12/18/14

The Ethiopian Army At Adowa

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Like many tribal societies, the ethnic groups of Ethiopia put a strong emphasis on martial ability. Boys were trained from early childhood in the use of the sword, spear and shield. Every man yearned to own a gun, not just for what it would do for him on the battlefield, but also for hunting. The Italians faced an Ethiopian army larger and more organized than in all of its recent history. Menelik had centralized and streamlined the taxation system, bringing in more goods to the central government. This allowed Menelik to keep a larger standing army, and support a huge temporary army at need. Most taxes were in kind – food or labour that went directly to support the soldiers. Menelik also ordered an extensive geographical survey in order to increase revenue, and to identify land that could be given to soldiers as a reward. His government also enjoyed the revenue from customs duties on ever-increasing international trade.

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12/18/14

The Principality of Antioch

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Although Antioch survived as a Christian enclave in northern Syria until 1268, its Norman inheritance lasted only a generation from the conquest. In 1130, Bohemond II died in battle at Mamistra, in Cilicia, the last of the Hauteville line. The first few years of the principality’s existence had proved to be precarious. Antioch faced threats from three main directions, although they also presented opportunities for expansion. To the north lay Cilician Armenia, disputed with the Byzantines; to the east Aleppo and its Muslim rulers was its most determined rival; while the southern border was contested with the Banu-Munquidh, ruling Shaizir on the Orontes. In addition, players from further afield, both Muslim and Christian, had influential roles on occasion.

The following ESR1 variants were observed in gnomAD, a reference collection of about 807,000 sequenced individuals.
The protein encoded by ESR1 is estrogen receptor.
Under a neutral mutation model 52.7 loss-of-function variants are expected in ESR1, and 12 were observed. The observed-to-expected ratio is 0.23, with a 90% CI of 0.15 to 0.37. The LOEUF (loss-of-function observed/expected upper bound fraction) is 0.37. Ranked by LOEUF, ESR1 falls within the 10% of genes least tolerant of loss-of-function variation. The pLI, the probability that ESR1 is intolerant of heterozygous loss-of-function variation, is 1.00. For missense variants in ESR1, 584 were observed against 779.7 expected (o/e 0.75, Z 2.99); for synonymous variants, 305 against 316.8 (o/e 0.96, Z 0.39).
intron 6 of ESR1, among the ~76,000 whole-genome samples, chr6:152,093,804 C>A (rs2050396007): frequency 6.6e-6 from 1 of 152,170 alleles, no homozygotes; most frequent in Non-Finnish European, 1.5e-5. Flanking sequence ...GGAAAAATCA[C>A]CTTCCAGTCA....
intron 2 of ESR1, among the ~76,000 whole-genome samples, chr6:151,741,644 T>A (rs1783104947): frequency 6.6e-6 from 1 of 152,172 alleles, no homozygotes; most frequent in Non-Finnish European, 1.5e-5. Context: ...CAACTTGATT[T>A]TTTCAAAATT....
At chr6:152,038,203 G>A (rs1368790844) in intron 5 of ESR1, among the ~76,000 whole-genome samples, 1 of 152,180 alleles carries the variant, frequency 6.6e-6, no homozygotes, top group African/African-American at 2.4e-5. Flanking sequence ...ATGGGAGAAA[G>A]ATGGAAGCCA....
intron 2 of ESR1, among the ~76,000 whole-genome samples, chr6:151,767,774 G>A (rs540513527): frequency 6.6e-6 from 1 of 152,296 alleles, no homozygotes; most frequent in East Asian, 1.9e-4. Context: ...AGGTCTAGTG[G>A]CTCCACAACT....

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12/18/14

Soviet Harassment with Berlin 1948 I

342349_v5mtq0uifcnii8d0zkk0pah6uMoscow reacted to the failure of the London foreign ministers’ meeting by calling into question Western rights in Berlin. The Soviet-licensed Berlin daily, Tägliche Rundschau, ran an editorial on December 19 arguing that quadripartite control of Berlin made sense only as long as Germany remained under four-power rule. After Clay and Robertson announced plans to give the Bizonal Economic Council limited political power, a second, stronger editorial appeared, reiterating the link between moves toward a west German government and a Western presence in Berlin. The newspaper claimed the West had created a west German state and thereby “nullified” Western rights in Berlin, which was part of the Russian zone.

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12/18/14

Soviet Harassment with Berlin 1948 II

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The Three Amigos

In the spring of 1948 when Soviet pressure on the allies re Berlin began to ramp up, seven squadrons of allied day fighters were in Germany, four RAF and three USAF.

The RAF units were:

135 Wing, including

  1. 80 Squadron at Wunstorf, Germany, equipped with the Spitfire 24
  2. 16, 26 and 33 Squadrons at Gutersloh, all equipped with the Tempest II

The USAF fielded the 86th FG with three squadrons (525th, 526th and 527th) equipped with the P-47D-30 at Nordholz, Germany.

Airlift project replicates aircraft from RAF 80 and 33 because they were briefly stationed in Berlin for a period at the beginning of the Blockade. The 86th flew escort missions in the corridors.

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12/18/14

Iron Duke Class Part I

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HMS Iron Duke at Weymouth Bay 1927 by Randall Wilson.

Iron Duke, a veteran of the Battle of Jutland and Flagship of Lord Jellicoe at that engagement, is seen here painted in the rays of the setting sun at Weymouth Bay 1927.

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HMS Iron Duke at the Battle of Jutland

Design

The original design was for a modified King George V 21-knot battleship with four broadside torpedo tubes and no stern tube.

Five layouts were submitted to the Admiralty by the DNC Phillip Watts, all featuring a main armoured belt of 12in thickness and running for 360 feet of the hull. Although following the lines of King George V in general – including main armament, a distinctive retrograde step was seen in the sketch proposal which featured a reverse in the mast/funnel arrangement as in the earlier Orion class of 1909 (see sketch). During preparation, however, the disadvantages were forcibly pointed out and the idea was not pursued any further. Of the five layouts (see table) M1V was approved and funds were allocated for four of the type without question, a war with Germany seeming very likely and sooner rather than later.

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